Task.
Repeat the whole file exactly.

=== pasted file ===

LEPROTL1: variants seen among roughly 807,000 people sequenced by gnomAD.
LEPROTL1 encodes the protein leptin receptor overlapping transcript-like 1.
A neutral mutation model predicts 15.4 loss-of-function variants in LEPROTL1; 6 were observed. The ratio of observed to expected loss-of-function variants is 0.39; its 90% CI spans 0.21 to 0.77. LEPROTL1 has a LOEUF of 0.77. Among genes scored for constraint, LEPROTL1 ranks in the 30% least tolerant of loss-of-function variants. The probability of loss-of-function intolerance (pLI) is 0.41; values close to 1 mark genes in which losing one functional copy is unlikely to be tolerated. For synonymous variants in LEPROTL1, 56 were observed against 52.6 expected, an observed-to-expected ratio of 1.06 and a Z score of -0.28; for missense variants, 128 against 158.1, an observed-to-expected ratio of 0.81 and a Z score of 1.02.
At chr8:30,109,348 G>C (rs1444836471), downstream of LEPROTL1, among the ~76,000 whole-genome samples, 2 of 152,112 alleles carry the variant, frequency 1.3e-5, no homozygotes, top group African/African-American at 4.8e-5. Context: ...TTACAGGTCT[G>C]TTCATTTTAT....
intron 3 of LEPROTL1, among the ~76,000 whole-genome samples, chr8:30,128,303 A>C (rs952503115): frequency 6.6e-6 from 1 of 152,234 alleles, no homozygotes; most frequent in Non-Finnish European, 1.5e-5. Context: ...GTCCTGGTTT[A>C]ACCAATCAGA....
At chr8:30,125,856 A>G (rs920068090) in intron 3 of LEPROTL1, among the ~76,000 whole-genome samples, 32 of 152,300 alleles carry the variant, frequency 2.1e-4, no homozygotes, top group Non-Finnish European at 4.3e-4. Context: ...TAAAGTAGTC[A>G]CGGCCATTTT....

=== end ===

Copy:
LEPROTL1: variants seen among roughly 807,000 people sequenced by gnomAD.
LEPROTL1 encodes the protein leptin receptor overlapping transcript-like 1.
A neutral mutation model predicts 15.4 loss-of-function variants in LEPROTL1; 6 were observed. The ratio of observed to expected loss-of-function variants is 0.39; its 90% CI spans 0.21 to 0.77. LEPROTL1 has a LOEUF of 0.77. Among genes scored for constraint, LEPROTL1 ranks in the 30% least tolerant of loss-of-function variants. The probability of loss-of-function intolerance (pLI) is 0.41; values close to 1 mark genes in which losing one functional copy is unlikely to be tolerated. For synonymous variants in LEPROTL1, 56 were observed against 52.6 expected, an observed-to-expected ratio of 1.06 and a Z score of -0.28; for missense variants, 128 against 158.1, an observed-to-expected ratio of 0.81 and a Z score of 1.02.
At chr8:30,109,348 G>C (rs1444836471), downstream of LEPROTL1, among the ~76,000 whole-genome samples, 2 of 152,112 alleles carry the variant, frequency 1.3e-5, no homozygotes, top group African/African-American at 4.8e-5. Context: ...TTACAGGTCT[G>C]TTCATTTTAT....
intron 3 of LEPROTL1, among the ~76,000 whole-genome samples, chr8:30,128,303 A>C (rs952503115): frequency 6.6e-6 from 1 of 152,234 alleles, no homozygotes; most frequent in Non-Finnish European, 1.5e-5. Context: ...GTCCTGGTTT[A>C]ACCAATCAGA....
At chr8:30,125,856 A>G (rs920068090) in intron 3 of LEPROTL1, among the ~76,000 whole-genome samples, 32 of 152,300 alleles carry the variant, frequency 2.1e-4, no homozygotes, top group Non-Finnish European at 4.3e-4. Context: ...TAAAGTAGTC[A>G]CGGCCATTTT....